SAN DIEGO (NEWS 8) - The goal of the Buy Nothing Project is that nothing goes to waste. From leftover food to cleaning out your closet, someone's trash can become someone else's treasure using a Facebook page.
The Buy Nothing pages are separated by neighborhood, so it's a hyper-local way to share that's not just about getting free stuff, but also about building community.
"The food goes quickly," said Megan Hubbard Carter, a Buy Nothing Ocean Beach user.
The Buy Nothing group began in 2013, in Washington state. It has sprouted into other groups in 20 nations for a combined half-a-million members.
Ocean Beach was the first group in San Diego County. Currently there are now 60 groups in San Diego.
"I have a breastfeeding pillow - I can't count how many women have used this pillow - and it continues to circulate," said Buy Nothing Rancho Bernardo administrator Cherri Christiansen.
Users say other items on Buy Nothing have included a washer, kids items and clothes.
"Hopefully the people who gave us our shirts are watching," said Megan Hubbard Carter.
The junk users want to toss, someone else on the page wants to catch.
"What's really fun is when you post something that you are just done with and somebody else is so excited," said Sunny Brady, Buy Nothing North Park Administrator. "[You wonder] 'Why are they so excited about my garbage?' And it makes you feel good."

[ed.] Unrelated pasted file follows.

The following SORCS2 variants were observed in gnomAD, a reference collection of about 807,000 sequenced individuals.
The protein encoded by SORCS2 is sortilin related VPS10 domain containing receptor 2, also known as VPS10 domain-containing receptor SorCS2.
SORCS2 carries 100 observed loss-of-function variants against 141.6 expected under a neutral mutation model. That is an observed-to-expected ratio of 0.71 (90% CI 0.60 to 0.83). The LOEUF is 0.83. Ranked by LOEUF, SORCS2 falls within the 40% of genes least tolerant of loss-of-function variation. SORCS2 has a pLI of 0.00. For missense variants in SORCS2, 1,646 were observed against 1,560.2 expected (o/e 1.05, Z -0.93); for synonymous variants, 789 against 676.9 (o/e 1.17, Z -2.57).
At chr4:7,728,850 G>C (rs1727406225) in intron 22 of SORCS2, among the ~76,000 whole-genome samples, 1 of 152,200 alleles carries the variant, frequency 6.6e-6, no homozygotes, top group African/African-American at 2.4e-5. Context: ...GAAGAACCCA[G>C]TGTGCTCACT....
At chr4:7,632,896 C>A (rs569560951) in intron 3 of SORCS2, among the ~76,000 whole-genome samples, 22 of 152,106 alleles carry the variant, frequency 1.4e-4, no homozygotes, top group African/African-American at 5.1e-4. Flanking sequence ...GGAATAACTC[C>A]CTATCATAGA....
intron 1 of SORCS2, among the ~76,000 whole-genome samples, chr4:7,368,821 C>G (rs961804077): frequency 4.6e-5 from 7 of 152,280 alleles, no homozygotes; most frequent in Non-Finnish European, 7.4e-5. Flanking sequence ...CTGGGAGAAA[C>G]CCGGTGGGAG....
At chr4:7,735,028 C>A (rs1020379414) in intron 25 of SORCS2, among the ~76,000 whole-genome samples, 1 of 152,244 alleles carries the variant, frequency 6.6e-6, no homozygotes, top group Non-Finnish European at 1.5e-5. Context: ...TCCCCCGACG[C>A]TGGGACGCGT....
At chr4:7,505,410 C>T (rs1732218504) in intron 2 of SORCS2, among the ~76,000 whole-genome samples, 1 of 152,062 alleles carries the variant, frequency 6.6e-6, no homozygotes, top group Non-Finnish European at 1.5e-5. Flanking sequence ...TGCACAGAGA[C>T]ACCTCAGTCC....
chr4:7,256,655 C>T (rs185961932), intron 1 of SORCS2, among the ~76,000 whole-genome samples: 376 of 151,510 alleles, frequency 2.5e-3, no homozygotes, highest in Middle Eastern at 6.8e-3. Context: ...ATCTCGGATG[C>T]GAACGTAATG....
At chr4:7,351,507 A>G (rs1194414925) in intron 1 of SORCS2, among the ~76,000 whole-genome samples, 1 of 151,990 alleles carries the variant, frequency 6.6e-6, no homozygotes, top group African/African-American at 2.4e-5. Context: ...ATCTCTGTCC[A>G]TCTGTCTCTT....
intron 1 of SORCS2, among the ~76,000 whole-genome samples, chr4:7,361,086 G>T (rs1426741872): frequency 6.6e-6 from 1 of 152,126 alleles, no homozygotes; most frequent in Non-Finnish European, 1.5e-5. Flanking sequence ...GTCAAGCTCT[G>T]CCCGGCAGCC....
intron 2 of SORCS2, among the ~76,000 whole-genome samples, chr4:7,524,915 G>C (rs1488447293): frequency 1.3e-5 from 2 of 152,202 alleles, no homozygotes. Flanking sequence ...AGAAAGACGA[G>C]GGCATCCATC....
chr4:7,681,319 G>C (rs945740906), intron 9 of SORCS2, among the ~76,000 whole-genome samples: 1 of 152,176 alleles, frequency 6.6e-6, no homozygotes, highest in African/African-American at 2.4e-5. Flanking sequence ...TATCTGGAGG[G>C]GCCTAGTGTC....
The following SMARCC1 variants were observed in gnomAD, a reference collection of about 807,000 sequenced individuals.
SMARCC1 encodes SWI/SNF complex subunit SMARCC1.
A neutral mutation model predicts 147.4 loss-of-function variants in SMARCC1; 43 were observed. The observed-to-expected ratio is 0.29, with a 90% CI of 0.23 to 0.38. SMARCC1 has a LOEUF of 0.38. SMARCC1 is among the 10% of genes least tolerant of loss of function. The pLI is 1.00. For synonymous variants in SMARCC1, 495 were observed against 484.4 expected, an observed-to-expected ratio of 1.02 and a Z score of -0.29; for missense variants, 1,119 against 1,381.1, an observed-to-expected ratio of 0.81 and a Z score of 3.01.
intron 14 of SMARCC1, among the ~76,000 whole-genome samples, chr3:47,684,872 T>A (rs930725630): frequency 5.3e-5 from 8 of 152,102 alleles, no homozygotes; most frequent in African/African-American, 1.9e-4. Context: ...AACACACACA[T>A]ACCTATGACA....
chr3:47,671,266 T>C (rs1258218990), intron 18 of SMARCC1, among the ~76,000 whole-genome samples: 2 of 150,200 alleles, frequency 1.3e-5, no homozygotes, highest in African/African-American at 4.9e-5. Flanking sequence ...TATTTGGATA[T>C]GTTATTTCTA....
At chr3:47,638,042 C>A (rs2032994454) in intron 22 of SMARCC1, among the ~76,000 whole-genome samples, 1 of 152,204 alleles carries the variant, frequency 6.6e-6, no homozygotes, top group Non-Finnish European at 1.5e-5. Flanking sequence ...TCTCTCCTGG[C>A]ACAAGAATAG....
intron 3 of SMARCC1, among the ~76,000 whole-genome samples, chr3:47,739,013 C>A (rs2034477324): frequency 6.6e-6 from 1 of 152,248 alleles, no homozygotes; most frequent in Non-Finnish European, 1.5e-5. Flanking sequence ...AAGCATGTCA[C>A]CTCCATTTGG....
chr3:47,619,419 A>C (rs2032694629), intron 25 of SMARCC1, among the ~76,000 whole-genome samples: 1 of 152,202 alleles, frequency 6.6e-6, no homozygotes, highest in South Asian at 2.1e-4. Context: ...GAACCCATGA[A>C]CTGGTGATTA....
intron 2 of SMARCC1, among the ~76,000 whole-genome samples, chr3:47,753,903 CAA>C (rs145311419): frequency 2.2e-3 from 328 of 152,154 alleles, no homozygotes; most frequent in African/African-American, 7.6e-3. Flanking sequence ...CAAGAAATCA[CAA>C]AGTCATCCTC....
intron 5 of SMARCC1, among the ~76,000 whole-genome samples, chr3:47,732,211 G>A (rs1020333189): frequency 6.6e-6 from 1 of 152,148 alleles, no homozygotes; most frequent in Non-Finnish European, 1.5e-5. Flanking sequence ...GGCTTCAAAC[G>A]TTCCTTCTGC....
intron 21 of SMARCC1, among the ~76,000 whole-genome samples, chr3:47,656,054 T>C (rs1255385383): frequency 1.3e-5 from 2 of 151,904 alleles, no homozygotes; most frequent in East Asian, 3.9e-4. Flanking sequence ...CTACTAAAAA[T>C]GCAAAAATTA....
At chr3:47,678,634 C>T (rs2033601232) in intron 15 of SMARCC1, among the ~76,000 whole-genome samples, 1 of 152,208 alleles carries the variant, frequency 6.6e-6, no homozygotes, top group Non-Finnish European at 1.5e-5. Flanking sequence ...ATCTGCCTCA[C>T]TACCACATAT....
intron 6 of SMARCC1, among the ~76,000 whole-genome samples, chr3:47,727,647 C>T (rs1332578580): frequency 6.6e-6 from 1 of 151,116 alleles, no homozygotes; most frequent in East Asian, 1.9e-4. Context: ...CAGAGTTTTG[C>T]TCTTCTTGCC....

The hyper-local "gifting," found through the Buy Nothing Project on Facebook, has a motto: Give freely and share creatively. Users are asked to keep it civil and keep it legal with no buying, selling, trading or bartering.
"Buy Nothing is really about connecting with that person and you get to know where that item came from," said Cherri.
Some call it quirky or wacky but users can outfit their home, seed their own garden and more.
Buy Nothing allows users to post items they want to get rid of or "gift" to residents in the user's neighborhood. Users can also ask for items and services.
"I have someone coming next week and they are going to install my free library for free and I am so excited too," said Sunny.
The group started in 2013 in Washington state and has sprouted more than a half a million groups across the world. Ocean Beach was the first group in the county - growing to more than 60 in San Diego.
Users say it's not just about reducing waste and getting free stuff - it's the conduit to the connection.
These connections build community; there have even been Buy Nothing weddings.
Kimm McLaughlin's neighborhood came together when her daughter passed away and she wanted angels and butterflies to decorate her room.
"It melts my heart and I love it," said Kimm. "I love all that helped me out. It was a beautiful thing."
So before you throw away, donate, dump in the alley or buy online - think about building local connections.
"We always need something," said Sunny. "We are always out buying something and it's so much better than person-to-person and meet new people and get new stuff."
To join your neighborhood Buy Nothing search for your area. You can only join one and it must be in your community, so you can give where you live or if you want to start one visit: www.Facebook.Com/buynothingproject.